DIARY OF A 'failed' ACTOR. Ep.14# Diversity.
One of our followers, Haruka Kuroda, asked us to examine the subject of Diversity, to discover whether the U.S. or the UK were leading the way in breaking down walls and pushing forward in rendering articles such as this irrelevant. Haruka herself is a Japanese actress, presenter, fight and movement choreographer, and children's theatre devisor living in London, so is experiencing first hand what is or isn't being done to correct the imbalance in the UK.
Whilst in communication via Tweet with Haruka on pursuing this topic, we were joined on the thread by someone who pointed out that even positive discrimination is discrimination. Very true! I long for the day when these discussions and debates on Diversity, are a thing of the past. But, it is currently in everyone's thoughts. Erica Whyman, an Associate Director at the RSC recently chaired a debate at The Swan titled, MALE, PALE AND STALE, and this from a company who was one of the first to champion Diversity on it's stages. The Washington Post, and The Stage ran articles, and Equity is currently pushing the Diversity argument to the fore with meetings across Britain, and at the House of Commons.
One of our greatest imports to the U.S., actor, writer, director, Kwame Kwei-Armah is currently Artistic Director of Centre Stage in Baltimore, a theatre whose programme of predominantly black works he inherited from his predecessor, Irene Lewis, finds himself under pressure for everything being, 'black, black, black.....'. Kwame in a recent online article commented that the programme hasn't changed since he took over from Irene in 2011, and that Irene Lewis's programming, herself being white, was at the time considered philanthropy, but on taking over, with Kwame being black, it is now considered an agenda.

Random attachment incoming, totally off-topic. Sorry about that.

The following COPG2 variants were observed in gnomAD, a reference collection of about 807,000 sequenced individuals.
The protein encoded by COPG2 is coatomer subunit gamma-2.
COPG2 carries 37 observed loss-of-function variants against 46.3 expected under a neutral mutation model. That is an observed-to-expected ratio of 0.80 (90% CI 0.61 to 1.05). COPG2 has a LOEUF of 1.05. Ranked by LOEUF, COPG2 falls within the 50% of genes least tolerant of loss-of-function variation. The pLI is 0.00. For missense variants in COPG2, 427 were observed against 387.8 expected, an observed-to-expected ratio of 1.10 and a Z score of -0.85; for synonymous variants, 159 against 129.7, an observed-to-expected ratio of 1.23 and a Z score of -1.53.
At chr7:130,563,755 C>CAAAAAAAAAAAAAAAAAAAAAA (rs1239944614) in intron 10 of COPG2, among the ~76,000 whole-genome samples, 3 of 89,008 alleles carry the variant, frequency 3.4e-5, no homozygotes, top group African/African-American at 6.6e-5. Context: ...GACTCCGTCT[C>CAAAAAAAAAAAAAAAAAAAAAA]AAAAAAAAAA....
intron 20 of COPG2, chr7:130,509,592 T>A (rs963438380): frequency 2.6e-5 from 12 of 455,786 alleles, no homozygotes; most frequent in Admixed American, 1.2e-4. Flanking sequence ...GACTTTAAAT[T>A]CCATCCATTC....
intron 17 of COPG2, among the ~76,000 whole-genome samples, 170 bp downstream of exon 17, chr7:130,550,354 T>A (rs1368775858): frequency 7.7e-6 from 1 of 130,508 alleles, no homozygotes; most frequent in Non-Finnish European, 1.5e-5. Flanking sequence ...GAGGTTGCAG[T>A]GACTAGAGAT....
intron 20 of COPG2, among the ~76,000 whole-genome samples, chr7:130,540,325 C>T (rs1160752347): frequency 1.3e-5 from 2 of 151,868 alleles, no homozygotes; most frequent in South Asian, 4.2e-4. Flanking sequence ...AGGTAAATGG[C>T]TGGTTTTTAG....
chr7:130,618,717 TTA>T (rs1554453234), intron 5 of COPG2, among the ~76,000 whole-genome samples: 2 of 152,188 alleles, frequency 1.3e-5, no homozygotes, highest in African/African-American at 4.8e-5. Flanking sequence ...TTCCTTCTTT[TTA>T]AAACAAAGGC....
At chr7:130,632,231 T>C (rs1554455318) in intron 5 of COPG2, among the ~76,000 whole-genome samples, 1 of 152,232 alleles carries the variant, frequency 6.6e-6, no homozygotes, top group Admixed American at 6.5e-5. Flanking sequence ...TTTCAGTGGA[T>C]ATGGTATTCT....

The year Kwame took over the building, he inherited the pre-programmed Bruce Norris racially charged piece, CLYBORNE PARK based on Lorraine Hansbury's, A RAISIN' IN THE SUN. Kwame recognised Norris's work as in fact being racist in content, but was denied the choice of programming it out, so he wrote his own play, BENEATHA'S PLACE as an answering piece to run in conjunction with, CLYBORNE PARK. This caught the eye of PBS who created a documentary following the creation and development of this charged season. The outcome of all of this is that Kwame Kwei-Armah's tenure at Central Stage has been unanimously extended to 2018.
The fact that he is here at all, follows the lack of credible postings for black directors in the UK. Kwame had his eye on the National, but recognised that at least a decade would have to pass before that could become a reality. I was shocked when at Theatre 503 we won the Olivier for Best Play with, MOUNTAIN TOP by Katori Hall, thereby creating Katori the first black female writer to ever win an Olivier. But, I was even more alarmed to learn that when director Paulette Randall staged, FENCES in the West End in 2013 that she was the first black director to bring a production to the West End. How can that be? As a footnote, there are now encouraging noises that, Kwame Kwei-Armah is being considered as a potential candidate as future Artistic Director for the Royal National Theatre.
Then, there's Hollywood and of course British TV and Film. Where to begin?
Well, a very good place to start is with British actress, playwright, screenwriter and producer, Yvonne Wandera, who from her training at RADA to entering the profession in the UK realised that the odds were stacked against her, it therefore made sense to her to move to the U.S. in pursuit of the work and roles she wanted. But, how far ahead of the UK is the U.S. in bursting the Diversity bubble? This is what we discuss in Episode 14. of, DIARY OF A 'failed' ACTOR, and I am extremely grateful to have had Yvonne alongside me to tackle the subject.
DIARY OF 'failed' ACTOR.
Directed by Cécile DELEPIÈRE
WASHINGTON POST ARTICLE BY Alyssa Rosenberg
THE STAGE ARTICLE by Matthew Hemley
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